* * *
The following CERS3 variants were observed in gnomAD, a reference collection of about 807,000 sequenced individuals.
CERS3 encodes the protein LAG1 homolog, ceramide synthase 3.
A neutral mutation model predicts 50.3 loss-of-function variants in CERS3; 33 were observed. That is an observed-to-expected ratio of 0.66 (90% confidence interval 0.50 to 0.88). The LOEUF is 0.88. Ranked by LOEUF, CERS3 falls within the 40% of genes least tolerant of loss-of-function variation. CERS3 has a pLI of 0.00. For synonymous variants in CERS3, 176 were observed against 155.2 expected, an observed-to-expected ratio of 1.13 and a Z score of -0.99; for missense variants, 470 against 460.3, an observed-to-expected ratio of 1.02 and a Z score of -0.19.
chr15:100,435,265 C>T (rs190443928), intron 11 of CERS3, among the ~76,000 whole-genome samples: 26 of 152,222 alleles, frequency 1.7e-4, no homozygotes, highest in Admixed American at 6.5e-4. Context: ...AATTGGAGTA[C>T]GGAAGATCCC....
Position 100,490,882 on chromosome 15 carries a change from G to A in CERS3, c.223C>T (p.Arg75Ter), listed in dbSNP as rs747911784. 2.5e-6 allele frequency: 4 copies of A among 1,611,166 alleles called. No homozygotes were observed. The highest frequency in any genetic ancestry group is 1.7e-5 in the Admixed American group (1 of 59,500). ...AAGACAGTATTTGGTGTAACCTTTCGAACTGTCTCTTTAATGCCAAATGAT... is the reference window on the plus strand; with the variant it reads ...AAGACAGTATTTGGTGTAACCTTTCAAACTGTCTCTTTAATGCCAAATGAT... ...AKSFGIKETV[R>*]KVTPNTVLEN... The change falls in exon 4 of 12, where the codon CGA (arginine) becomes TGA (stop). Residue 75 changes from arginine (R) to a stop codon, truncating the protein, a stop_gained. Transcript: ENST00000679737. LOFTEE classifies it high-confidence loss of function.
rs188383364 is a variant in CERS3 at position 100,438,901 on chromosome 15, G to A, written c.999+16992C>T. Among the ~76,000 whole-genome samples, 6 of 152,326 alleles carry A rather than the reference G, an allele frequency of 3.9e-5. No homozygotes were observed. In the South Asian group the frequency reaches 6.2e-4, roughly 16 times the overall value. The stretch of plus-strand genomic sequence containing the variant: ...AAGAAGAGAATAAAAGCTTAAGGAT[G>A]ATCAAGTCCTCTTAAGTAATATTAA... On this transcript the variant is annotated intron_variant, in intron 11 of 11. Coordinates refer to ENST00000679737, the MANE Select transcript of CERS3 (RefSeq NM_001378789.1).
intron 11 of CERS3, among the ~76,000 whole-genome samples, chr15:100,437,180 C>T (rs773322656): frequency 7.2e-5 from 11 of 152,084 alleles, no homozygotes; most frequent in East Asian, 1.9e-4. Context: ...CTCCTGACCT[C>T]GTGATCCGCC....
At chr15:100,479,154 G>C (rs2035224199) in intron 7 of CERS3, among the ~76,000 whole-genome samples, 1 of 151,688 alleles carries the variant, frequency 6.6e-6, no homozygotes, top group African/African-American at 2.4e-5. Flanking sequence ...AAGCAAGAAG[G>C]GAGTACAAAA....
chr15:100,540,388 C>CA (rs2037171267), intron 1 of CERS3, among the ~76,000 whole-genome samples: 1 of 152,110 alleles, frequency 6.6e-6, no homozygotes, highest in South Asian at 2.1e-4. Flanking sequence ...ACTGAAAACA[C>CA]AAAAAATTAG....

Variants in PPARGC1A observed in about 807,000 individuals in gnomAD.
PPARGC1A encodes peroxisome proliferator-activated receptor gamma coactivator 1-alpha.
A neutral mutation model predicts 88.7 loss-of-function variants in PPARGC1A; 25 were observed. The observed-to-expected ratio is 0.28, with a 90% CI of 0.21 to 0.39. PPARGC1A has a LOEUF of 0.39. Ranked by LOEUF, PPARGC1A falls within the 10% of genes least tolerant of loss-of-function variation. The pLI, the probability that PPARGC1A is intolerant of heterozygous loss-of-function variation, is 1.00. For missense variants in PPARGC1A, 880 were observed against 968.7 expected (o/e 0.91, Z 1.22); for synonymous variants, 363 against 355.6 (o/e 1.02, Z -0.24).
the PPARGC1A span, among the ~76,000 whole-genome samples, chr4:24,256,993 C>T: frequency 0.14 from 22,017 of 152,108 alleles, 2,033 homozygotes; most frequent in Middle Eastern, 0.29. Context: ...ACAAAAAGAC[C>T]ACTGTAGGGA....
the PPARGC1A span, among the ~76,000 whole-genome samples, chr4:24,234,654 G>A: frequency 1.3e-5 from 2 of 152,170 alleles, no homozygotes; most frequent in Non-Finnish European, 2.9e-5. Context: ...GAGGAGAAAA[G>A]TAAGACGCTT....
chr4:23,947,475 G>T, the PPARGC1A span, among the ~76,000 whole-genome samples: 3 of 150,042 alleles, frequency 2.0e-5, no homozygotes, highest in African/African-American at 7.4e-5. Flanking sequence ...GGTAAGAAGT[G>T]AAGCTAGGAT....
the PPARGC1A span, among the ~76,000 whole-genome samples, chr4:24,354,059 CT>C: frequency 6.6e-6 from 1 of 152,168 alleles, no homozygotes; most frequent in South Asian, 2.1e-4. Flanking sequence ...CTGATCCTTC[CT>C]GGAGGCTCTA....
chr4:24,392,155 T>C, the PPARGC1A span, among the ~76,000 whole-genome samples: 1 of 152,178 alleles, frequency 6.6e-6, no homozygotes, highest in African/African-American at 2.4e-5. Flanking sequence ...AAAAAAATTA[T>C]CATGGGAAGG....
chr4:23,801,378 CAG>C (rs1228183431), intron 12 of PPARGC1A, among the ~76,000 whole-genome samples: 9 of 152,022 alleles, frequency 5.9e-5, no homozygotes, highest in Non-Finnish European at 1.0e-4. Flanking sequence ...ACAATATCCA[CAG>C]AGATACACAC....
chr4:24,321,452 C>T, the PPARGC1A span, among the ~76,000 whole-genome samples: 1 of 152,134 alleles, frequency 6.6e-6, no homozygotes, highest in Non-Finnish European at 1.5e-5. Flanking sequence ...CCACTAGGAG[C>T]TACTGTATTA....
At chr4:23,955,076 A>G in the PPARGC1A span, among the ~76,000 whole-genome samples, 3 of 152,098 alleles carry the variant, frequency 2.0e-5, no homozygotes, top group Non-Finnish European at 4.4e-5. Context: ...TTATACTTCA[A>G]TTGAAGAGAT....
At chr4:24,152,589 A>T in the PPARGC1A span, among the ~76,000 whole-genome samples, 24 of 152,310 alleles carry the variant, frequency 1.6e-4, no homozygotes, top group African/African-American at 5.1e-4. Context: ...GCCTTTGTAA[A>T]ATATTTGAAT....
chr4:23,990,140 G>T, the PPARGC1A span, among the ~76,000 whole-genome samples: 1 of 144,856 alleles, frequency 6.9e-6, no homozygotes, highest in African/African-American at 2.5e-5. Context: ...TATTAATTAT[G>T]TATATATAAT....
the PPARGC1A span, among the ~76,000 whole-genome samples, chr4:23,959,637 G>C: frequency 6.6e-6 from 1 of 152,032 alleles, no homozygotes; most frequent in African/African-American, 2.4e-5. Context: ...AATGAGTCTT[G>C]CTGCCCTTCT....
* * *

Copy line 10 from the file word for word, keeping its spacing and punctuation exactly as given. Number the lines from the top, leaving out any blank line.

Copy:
Variants in PPARGC1A observed in about 807,000 individuals in gnomAD.